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Underactive thyroid in pregnancy

(9 Posts)
Sauvignonismysaviour Mon 17-Oct-16 11:38:55

Hi,

I'm 8 weeks pregnant with my first baby. I have had an underactive thyroid for about 5 years now which is well controlled on thyroxine. My GP knows and has kept my medication at its current level. I haven't seen a midwife yet.

Someone mentioned to me that as I have an underactive thyroid, my pregnancy would be considered high risk and I would have consultant led care? Has anyone else got any experience of this/whether it's true/what it means practically if that is indeed the case, please?

Thanks very much.

Mummy2squish Mon 17-Oct-16 12:11:20

Hiya,

I have a history of overactive thyroid but I'm slightly under at the moment. My specialist has said as soon as I got pregnant to ask my doctor to refer me to their antenatal clinic.

I believe that they watch your levels very carefully But I don't know yet because my midwife didn't refer me last time hmm

I was consultant lead last time for different reasons but I didn't really see one until my c-section (because ds was breech not for any other reason)

OhTheRoses Mon 17-Oct-16 12:19:03

I've and underactive thyroid. I've had three children - youngest 18. Your TSH needs to be monitored regularly. Your GP can do it. Doesn't mean your pg is high risk at all.

Do be quite firm about regular monitoring though and make sure they do check the TSH.

minipie Mon 17-Oct-16 12:20:20

Hello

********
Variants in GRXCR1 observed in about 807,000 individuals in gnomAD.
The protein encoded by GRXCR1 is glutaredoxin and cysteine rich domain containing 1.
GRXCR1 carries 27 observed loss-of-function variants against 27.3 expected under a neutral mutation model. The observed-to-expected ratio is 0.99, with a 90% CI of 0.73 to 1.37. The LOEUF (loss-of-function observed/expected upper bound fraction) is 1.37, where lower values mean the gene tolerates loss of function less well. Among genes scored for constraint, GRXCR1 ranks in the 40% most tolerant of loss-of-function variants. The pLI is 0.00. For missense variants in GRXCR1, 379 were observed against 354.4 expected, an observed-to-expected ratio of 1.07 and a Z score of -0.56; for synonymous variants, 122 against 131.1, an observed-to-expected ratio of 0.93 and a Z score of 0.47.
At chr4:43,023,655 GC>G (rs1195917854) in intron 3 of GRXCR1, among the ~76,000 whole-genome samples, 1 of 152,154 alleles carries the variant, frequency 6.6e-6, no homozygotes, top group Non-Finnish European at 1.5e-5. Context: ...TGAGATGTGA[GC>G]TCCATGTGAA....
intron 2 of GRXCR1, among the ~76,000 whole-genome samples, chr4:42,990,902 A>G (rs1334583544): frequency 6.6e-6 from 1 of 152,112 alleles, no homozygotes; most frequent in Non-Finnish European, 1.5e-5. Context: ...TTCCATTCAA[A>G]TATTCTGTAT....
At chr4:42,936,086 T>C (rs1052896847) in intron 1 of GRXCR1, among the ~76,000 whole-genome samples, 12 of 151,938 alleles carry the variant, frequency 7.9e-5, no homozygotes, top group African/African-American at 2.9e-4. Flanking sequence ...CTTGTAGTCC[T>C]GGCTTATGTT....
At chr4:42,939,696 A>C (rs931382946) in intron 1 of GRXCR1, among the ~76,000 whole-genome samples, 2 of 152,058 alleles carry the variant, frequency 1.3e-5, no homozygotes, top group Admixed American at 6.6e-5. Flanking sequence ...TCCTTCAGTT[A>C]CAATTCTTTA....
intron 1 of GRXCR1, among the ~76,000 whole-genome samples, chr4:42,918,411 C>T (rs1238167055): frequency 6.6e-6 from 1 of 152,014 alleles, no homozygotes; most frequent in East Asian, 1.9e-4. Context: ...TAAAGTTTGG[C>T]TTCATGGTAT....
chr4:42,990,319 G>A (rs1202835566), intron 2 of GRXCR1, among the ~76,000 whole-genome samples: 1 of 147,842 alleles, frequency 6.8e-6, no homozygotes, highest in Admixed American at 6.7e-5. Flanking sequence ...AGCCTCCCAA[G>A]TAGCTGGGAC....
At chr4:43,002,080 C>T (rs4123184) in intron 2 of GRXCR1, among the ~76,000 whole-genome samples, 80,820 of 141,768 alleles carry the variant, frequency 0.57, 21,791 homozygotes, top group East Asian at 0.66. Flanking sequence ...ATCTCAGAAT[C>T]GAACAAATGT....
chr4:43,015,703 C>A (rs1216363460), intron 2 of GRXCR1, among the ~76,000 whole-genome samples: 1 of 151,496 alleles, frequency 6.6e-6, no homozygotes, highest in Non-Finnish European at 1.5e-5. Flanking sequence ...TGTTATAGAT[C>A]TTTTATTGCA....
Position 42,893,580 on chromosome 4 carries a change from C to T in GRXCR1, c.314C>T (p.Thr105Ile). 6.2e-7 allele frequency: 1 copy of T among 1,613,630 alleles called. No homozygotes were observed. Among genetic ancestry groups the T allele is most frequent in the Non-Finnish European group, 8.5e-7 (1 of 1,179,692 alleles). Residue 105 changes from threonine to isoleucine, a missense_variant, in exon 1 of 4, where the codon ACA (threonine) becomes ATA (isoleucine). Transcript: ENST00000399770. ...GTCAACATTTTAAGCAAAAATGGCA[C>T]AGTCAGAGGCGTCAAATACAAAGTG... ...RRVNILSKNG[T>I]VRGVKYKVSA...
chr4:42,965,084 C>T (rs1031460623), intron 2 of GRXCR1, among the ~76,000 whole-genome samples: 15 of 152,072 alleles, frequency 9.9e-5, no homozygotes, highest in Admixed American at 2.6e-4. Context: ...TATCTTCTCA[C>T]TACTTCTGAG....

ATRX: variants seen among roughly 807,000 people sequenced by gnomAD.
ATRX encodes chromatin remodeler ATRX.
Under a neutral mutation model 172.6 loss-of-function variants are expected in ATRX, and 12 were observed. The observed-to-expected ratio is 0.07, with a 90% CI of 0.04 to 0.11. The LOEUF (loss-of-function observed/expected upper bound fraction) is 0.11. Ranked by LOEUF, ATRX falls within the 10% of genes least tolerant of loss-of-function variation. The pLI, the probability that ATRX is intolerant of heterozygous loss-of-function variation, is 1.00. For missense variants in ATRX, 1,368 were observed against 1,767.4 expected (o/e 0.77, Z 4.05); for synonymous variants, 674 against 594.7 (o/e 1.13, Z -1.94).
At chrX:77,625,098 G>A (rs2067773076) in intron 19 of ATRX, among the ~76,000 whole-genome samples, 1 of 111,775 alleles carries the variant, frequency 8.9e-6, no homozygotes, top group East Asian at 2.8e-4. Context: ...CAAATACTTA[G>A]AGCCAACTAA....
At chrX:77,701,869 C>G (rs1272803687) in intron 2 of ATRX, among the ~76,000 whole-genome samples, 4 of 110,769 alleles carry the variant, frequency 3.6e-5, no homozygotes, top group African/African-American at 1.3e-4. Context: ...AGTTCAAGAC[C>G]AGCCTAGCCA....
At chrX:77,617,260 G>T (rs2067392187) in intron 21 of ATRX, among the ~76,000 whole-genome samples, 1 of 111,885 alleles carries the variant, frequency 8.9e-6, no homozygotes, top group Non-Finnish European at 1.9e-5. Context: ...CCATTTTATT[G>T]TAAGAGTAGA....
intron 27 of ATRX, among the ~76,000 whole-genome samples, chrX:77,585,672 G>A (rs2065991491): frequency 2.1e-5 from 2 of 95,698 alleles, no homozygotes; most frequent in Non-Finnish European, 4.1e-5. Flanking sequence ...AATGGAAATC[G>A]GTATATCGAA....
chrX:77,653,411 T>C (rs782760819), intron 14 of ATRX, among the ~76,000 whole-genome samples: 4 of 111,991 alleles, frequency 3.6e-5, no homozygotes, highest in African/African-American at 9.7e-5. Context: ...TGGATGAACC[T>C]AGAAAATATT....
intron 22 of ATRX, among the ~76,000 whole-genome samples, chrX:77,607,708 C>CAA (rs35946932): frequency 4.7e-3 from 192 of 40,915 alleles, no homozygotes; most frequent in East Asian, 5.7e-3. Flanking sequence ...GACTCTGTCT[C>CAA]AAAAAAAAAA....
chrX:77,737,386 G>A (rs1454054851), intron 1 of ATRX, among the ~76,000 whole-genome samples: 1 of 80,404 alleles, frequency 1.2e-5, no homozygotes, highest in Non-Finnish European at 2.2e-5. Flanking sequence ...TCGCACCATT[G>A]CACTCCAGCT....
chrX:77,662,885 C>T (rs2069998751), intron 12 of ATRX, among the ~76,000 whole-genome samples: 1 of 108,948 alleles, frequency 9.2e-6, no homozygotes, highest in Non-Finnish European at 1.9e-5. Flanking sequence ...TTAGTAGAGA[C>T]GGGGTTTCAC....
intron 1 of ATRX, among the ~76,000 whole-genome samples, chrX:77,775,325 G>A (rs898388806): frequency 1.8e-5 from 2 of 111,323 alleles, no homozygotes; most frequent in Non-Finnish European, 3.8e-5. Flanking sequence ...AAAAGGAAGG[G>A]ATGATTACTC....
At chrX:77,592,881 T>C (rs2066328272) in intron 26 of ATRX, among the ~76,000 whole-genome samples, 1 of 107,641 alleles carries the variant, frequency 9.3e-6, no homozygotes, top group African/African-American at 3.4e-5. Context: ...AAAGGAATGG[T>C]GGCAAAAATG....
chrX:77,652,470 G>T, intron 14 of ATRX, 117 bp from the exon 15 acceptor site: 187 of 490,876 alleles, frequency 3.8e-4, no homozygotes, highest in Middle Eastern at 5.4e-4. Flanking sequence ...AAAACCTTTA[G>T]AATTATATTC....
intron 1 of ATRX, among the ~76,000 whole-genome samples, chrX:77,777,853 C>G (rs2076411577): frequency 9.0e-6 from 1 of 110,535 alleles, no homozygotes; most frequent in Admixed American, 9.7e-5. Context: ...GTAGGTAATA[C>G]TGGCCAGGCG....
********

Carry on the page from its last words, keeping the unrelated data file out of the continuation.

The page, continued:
First thing is to get your bloods checked asap to see if your dose needs to increase, as many women do find they need more when pg. In fact I believe the "best practice" is to increase dosage as soon as you know you are pregnant - even before you have any blood tests. Here is a quote from the British Thyroid Foundation's guide to pregnancy

As soon as you know you are pregnant, and if you are already taking levothyroxine, it is recommended that the dosage is increased immediately by 25-50mcg daily. You should then arrange to have a thyroid function test as soon as possible.

Re consultant led care: Technically this is correct. However I found that it didn't change much in practice - I got seen by a consultant once, they looked at my blood test results, saw that my thyroid and medication were very stable and said they didn't need to see me again. I was also told that being hypothyroid would not in itself stop me from giving birth in the midwife led unit (consultant had to write this in my notes).

I had to have blood tests every 6 weeks in the first trimester and then I think every 2-3 months after that (can't quite remember).

Please do get your bloods checked soon, or put your dose up a bit.

MyMrKnightley Mon 17-Oct-16 12:38:45

Please look at NICE guidelines for underactive thyroid. Then go to your gp and inform them about it, I've had to tell 5 gp's about it they don't come across it often/ever.